Devastating brutal death metal unit PATHOLOGY have gone from strength to strength, incorporating variations and technical flourishes within the ultra-heavy framework of the sub-genre. Eight full length albums have cemented their position worldwide as one of the best bands of their ilk, and their new one on Comatose Music will only uphold their global status and take it higher. On their latest opus, we have 10 songs of cutting-edge chock-a-block brutality without any intros or beating around the bush; and yet each song has its own identity largely due to the compositional skills of the members. High speed execution is matched perfectly by the standard-setting guttural vocals of Matti Way who is in best form since the early DISGORGE days. All in all, this is a contemporary death metal beast that remains true to its art and will go down as one of the best albums in the style for years to come.
Matti Way – Vocals (ABOMINABLE PUTRIDITY, ex-DISGORGE, LITURGY A.D.)
Dave Astor – Drums, Vocals (ex-CATTLE DECAPITATION)
Tim Tiszczenko – Guitars (BEING KILLED)
Par Olofsson (IMMOLATION, DEEDS OF FLESH, ABOMINABLE PUTRIDITY, DEVOURMENT)
Every month when we put together this highlights list, I go through the entries and try to sense a discernible pattern. But so far it has always been the case that our scribes cover a wide range of sounds where no commonality can be traced. April 2017, is perhaps a first in our monthly highlights series, where the entries tend to eschew towards two particular styles — Tech death and Crust. Though we do have a smattering of other styles included, it’s hard to miss how every other entry in this list either has a crust or tech death connection here. A random coincidence? Or some deep conspiracy by the scribes of Transcending Obscurity? One thing is for sure – these are all excellent releases that you should pay attention to! ~ Shrivatsan R.
They may not have released their first material until 2013, but Chilean death metal band Soulrot’s origins trace back to the early 1990s. It’s clear that guitarist J.L. Olmos and company have been making up for lost time, as they’ve kept a steady stream of releases coming over the past few years. Following a demo and EP, the band is now preparing to put out their debut full length ‘Nameless Hideous Manifestations’ on April 24th via Memento Mori. And it’s sure to make a strong impression, as even though there’s that familiar Boss HM-2 buzzsaw sound and a good deal of Swedish influence to the writing Soulrot doesn’t feel like a clone of any one particular act and has the riffs to back things up. We’re excited to offer you a full stream of the album alongside an interview with the band so you can get crushed by its immense weight and ominous atmosphere.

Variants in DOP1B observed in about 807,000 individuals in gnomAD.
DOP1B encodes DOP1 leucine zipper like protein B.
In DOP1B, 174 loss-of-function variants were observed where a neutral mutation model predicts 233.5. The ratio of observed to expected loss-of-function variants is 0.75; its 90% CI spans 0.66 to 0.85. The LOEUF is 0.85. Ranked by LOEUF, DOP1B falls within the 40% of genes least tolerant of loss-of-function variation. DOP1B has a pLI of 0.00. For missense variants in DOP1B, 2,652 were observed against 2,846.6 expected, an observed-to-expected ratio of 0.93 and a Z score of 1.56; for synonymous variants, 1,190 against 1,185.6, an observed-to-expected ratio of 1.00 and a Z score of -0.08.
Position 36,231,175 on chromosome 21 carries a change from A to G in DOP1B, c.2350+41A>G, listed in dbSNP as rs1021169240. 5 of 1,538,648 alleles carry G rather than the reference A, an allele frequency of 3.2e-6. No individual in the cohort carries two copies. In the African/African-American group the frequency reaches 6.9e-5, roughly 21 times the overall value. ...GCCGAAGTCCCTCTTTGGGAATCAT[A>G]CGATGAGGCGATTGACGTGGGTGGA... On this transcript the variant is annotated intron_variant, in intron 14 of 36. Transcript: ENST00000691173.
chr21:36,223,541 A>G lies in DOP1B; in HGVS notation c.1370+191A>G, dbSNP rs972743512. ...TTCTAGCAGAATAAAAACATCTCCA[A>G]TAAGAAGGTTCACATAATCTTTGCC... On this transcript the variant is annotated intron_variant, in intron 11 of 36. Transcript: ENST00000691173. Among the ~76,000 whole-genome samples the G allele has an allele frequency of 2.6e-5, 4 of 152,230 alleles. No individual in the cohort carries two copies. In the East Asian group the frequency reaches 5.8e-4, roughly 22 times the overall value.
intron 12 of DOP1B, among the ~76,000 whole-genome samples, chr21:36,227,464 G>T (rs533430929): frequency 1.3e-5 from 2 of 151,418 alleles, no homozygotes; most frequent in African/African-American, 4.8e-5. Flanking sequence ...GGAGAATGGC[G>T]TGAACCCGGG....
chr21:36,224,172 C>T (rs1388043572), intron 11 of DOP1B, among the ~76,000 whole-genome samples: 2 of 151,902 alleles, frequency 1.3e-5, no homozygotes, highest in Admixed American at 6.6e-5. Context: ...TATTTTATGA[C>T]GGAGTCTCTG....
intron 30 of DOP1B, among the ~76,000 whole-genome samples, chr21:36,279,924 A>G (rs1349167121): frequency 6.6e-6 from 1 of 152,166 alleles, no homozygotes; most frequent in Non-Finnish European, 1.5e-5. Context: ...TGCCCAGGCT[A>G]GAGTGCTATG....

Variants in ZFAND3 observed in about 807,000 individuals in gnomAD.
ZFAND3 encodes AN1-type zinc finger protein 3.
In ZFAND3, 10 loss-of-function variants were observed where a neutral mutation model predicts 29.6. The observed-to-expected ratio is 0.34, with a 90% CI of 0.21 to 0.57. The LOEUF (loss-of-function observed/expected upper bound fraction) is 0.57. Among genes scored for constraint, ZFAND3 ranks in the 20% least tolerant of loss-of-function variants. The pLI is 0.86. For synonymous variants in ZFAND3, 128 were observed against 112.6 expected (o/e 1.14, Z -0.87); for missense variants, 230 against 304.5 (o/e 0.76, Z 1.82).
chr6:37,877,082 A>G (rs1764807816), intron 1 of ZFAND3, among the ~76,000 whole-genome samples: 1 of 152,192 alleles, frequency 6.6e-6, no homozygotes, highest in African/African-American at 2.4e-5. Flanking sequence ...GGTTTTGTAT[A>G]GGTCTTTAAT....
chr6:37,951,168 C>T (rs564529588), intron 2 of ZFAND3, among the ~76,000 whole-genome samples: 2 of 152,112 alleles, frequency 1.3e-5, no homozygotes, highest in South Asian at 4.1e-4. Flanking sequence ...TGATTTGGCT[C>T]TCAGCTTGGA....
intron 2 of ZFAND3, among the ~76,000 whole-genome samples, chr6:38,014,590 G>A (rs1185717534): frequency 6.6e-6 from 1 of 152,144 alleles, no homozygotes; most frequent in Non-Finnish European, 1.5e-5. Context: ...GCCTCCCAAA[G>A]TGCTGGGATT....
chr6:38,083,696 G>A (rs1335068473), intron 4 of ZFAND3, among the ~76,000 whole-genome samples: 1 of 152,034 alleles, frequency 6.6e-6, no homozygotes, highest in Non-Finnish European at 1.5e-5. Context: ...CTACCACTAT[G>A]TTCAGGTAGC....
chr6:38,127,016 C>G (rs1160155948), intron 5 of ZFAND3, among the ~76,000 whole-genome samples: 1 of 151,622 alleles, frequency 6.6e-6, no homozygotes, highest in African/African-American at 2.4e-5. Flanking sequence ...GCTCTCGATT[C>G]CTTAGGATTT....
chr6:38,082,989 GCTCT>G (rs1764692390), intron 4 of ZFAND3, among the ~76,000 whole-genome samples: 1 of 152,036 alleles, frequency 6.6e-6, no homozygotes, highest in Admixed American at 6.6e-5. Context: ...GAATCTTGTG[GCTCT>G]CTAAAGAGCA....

Ruin’s debut full length has been a long time coming, with the U.S. death metal band having existed in the early 1990s for a year or two before lying dormant for the better part of two decades. The promo material for their debut full length ‘Drown in Blood’ (due out April 24th via Memento Mori) mentions periods of incarceration and institutionalization as one of the main reasons behind Ruin’s disappearance, but whatever the circumstances may be the band re-emerged in 2015 with the ‘Spread Plague Hell’ demo and released three splits shortly after. Now with the full length ready to unleash its nihilistic and filthy death metal on your ears in a little under a week’s time, we’re excited to premiere the album in its entirety.
There have always been few labels peddling in doom metal dedicatedly and UK based Aesthetic Death label are one among them. In my early years, I used to refer to them as being Esoteric’s label (as they released majority of the band’s catalog) and in the last decade, have unearthed some absolute gems such as Eibon, Murkrat, Fatim Elisum, Wreck of the Hesperus and more. It made sense to throw more light on the overlooked but extremely high quality and seemingly passionate label and write about some of their newer, more relevant releases. Thanks to the contribution of the fine Transcending Obscurity webzine staff, we’re able to to put together a worthy feature highlighting this doom metal label. ~ Kunal Choksi (Editor-in-Chief)
If it is possible someday, I would make a clone of myself to just keep writing about the music I listen to, without having to pay heed to any of the real world responsibilities. But since that is not possible at the moment, real life does tend to get in the way of writing. This month I had to focus my attention on other things in the real world causing me to overlook most of the releases that came out in March. But looking at this huge list put together by my colleagues, one thing is clear. I have a lot of catching up to do. ~ Shrivatsan R.